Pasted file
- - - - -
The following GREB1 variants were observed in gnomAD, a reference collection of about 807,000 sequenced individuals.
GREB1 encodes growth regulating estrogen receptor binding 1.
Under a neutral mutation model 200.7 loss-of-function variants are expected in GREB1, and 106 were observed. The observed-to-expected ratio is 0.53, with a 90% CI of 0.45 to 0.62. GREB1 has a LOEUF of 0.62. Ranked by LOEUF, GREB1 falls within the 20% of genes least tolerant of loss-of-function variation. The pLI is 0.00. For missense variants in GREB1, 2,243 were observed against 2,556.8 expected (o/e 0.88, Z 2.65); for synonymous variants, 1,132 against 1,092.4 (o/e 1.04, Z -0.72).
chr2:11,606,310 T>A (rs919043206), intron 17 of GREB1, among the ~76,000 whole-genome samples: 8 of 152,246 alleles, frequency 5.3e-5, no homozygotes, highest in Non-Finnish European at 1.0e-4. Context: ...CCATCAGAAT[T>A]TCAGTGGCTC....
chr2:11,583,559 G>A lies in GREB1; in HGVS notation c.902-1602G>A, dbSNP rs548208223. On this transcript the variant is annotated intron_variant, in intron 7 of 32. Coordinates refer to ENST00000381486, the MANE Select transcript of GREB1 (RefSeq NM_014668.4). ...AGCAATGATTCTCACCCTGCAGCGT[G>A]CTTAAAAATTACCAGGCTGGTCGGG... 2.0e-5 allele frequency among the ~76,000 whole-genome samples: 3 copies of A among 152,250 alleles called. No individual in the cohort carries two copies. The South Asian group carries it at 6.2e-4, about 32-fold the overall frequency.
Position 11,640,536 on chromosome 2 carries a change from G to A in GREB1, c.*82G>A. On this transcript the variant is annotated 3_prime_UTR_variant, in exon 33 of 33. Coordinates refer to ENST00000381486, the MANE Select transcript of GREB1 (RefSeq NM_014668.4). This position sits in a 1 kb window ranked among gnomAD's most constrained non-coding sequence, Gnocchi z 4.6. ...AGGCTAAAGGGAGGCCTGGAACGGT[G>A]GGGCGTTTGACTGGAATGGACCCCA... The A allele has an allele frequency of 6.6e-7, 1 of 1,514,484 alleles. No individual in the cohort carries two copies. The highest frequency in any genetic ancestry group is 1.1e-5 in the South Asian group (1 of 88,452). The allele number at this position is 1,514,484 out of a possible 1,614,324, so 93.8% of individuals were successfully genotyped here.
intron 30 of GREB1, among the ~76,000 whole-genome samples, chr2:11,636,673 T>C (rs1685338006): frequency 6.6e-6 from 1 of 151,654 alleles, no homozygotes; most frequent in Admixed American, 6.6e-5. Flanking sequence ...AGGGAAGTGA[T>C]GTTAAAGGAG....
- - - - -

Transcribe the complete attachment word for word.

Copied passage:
The following GREB1 variants were observed in gnomAD, a reference collection of about 807,000 sequenced individuals.
GREB1 encodes growth regulating estrogen receptor binding 1.
Under a neutral mutation model 200.7 loss-of-function variants are expected in GREB1, and 106 were observed. The observed-to-expected ratio is 0.53, with a 90% CI of 0.45 to 0.62. GREB1 has a LOEUF of 0.62. Ranked by LOEUF, GREB1 falls within the 20% of genes least tolerant of loss-of-function variation. The pLI is 0.00. For missense variants in GREB1, 2,243 were observed against 2,556.8 expected (o/e 0.88, Z 2.65); for synonymous variants, 1,132 against 1,092.4 (o/e 1.04, Z -0.72).
chr2:11,606,310 T>A (rs919043206), intron 17 of GREB1, among the ~76,000 whole-genome samples: 8 of 152,246 alleles, frequency 5.3e-5, no homozygotes, highest in Non-Finnish European at 1.0e-4. Context: ...CCATCAGAAT[T>A]TCAGTGGCTC....
chr2:11,583,559 G>A lies in GREB1; in HGVS notation c.902-1602G>A, dbSNP rs548208223. On this transcript the variant is annotated intron_variant, in intron 7 of 32. Coordinates refer to ENST00000381486, the MANE Select transcript of GREB1 (RefSeq NM_014668.4). ...AGCAATGATTCTCACCCTGCAGCGT[G>A]CTTAAAAATTACCAGGCTGGTCGGG... 2.0e-5 allele frequency among the ~76,000 whole-genome samples: 3 copies of A among 152,250 alleles called. No individual in the cohort carries two copies. The South Asian group carries it at 6.2e-4, about 32-fold the overall frequency.
Position 11,640,536 on chromosome 2 carries a change from G to A in GREB1, c.*82G>A. On this transcript the variant is annotated 3_prime_UTR_variant, in exon 33 of 33. Coordinates refer to ENST00000381486, the MANE Select transcript of GREB1 (RefSeq NM_014668.4). This position sits in a 1 kb window ranked among gnomAD's most constrained non-coding sequence, Gnocchi z 4.6. ...AGGCTAAAGGGAGGCCTGGAACGGT[G>A]GGGCGTTTGACTGGAATGGACCCCA... The A allele has an allele frequency of 6.6e-7, 1 of 1,514,484 alleles. No individual in the cohort carries two copies. The highest frequency in any genetic ancestry group is 1.1e-5 in the South Asian group (1 of 88,452). The allele number at this position is 1,514,484 out of a possible 1,614,324, so 93.8% of individuals were successfully genotyped here.
intron 30 of GREB1, among the ~76,000 whole-genome samples, chr2:11,636,673 T>C (rs1685338006): frequency 6.6e-6 from 1 of 151,654 alleles, no homozygotes; most frequent in Admixed American, 6.6e-5. Flanking sequence ...AGGGAAGTGA[T>C]GTTAAAGGAG....